PC Games

Published on November 3rd, 2018 | by Dakoda Barker

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Life is Strange 2: Episode One – Roads PC review

Life is Strange 2: Episode One – Roads PC review Dakoda Barker
Gameplay
Graphics
Sound
Value

Summary: Delivers a heavy dose of truth through beautiful narrative.

5

Honest


Aristotle claimed that art imitates life and that, through art, we better ourselves. Our exposure to art allows us to gain new knowledge and perspectives and to undergo catharsis—to process our emotions without the need for direct exposure to tragedy and its associated consequences. But Aristotle also believed that distance was required—for a degree of untruth to be present—if people were to truly connect with, and benefit from, art.

Life is Strange 2 purports to be a fictional narrative about two brothers on a road trip, but it is steeped in unfortunate truths. Sean (16) and Daniel (9) Diaz are young Americans. However, because they had the ill fortune of being born the sons of an immigrant and because their skin happens to be brown, the Diaz brothers are treated as though they do not belong. They are Others in a land that seems openly hostile to them, for no reason other than their own existence.

The prologue ends—and the brothers’ road trip begins—when their father is shot and killed by a white police officer responding to a minor altercation between children. The officer prematurely draws his weapon and subsequently murders an unarmed brown man who was in no way being aggressive. This is not fiction; it is mimesis: an imitation of reality. Unarmed men—and children—of colour are exposed to police brutality and racial profiling on a regular basis. Innocent people are hurt or killed by those wearing badges—who, coincidentally, rarely face repercussions.

The Diaz brothers, born and raised in the United States, are told by an antagonistic neighbour to go back to their ‘own country’. Later, the brothers are accused of stealing—despite no evidence—and then assaulted, kidnapped, and imprisoned. The captor threatens to ‘call ICE’ to see if Sean is even a citizen. The language is not fiction: it could, and does, just as easily come out of the mouths of people—not just in the United States, but in other countries (including Australia) also. These actions are not fiction: people of colour—citizens or not—are routinely harassed, ostracised, threatened, beaten, and arrested without purpose or just cause.

In fact, the most unrealistic aspect of Life is Strange 2 is not that Daniel has supernatural powers but that the boys are able, despite the various forces at work against them, to remain together, free (at least temporarily) from the clutches of the government. They are not forced into separate foster families or imprisoned on an island detention centre, not forced to represent themselves at citizenship hearings or murdered by a police officer.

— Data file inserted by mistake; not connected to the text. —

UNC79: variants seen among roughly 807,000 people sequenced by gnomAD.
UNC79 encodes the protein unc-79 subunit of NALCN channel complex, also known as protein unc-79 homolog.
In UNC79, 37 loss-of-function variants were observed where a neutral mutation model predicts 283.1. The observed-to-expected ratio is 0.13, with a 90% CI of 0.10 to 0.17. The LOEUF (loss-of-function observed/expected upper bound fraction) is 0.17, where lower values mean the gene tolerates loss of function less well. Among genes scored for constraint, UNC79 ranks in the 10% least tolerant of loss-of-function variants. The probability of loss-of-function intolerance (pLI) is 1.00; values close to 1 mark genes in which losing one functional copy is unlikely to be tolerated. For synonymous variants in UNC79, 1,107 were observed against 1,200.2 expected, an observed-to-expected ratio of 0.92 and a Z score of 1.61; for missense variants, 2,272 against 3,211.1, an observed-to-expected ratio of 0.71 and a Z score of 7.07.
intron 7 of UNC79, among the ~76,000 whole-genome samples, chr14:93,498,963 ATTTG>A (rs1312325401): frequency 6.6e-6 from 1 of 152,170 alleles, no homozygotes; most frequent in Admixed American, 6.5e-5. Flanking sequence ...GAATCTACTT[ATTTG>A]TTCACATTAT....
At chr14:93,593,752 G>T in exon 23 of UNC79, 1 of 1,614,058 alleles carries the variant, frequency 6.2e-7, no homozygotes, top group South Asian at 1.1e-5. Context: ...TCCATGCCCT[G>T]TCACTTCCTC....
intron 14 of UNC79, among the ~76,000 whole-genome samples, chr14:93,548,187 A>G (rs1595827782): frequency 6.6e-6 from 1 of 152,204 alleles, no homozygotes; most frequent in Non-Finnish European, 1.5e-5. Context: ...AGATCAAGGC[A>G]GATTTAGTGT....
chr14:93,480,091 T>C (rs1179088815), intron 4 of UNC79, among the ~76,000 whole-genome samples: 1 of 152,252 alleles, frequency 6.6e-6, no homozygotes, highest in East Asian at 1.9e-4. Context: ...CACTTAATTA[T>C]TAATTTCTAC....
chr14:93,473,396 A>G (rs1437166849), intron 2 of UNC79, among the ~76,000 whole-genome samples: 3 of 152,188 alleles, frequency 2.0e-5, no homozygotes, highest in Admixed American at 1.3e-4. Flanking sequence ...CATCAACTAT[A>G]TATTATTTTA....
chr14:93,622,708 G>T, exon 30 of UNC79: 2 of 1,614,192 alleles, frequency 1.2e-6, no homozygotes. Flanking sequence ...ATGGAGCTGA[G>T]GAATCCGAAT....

Near the end of the episode, Sean stands beside a plaque commemorating the destruction of Arcadia Bay—the setting of the first Life is Strange as he surveys the devastation. The scene is solemn, but its true power lies in the juxtaposition. Such a prominent disaster is, of course, an event for which we should express our Thoughts and Prayers™, but there is no monument to remembering the everyday disaster that is systemic racism. For the Diaz brothers—and many like them—this is merely their harsh reality. And while we should certainly care about the climate change allegory present within this scene, more important is the notion that Sean and Daniel Diaz are simply two of many children facing an unfair and unjust world. The fiction of Life is Strange 2 is steeped in cold, unpleasant truth.

If the more accurate maxim lies not with Aristotle, but instead with Oscar Wilde’s ‘life imitates art’, then Life is Strange 2 demonstrates our possible pathways. We can be explicit aggressors like Hank Stamper, whose prejudice runs so deep he can justify physically assaulting a 9-year-old. We can be passive enablers like Doris Stamper, who shows no malice but stands silent while injustice is done around her.

Or we can do the right thing, like Brody Holloway, who treats the Diaz brothers like actual humans, listens to their fears and needs, and then helps them. If we can learn anything from Life is Strange 2, it is that—no matter where our road in life takes us—we can afford to be kinder to the people around us.

Life is Strange 2: Episode One – Roads
Developer: DONTNOD Entertainment
Publisher: Square Enix
Genre: Adventure, interactive narrative
Platform(s): PC (reviewed), PlayStation 4, Xbox One
Rating: M


About the Author

dakoda.barker@gmail.com'

Dakoda is a doctoral student researching the intersection between videogames and chronic health conditions. He plays, critiques, and makes games. Other hobbies include eating too much sushi. His Twitter is @JiroJames.



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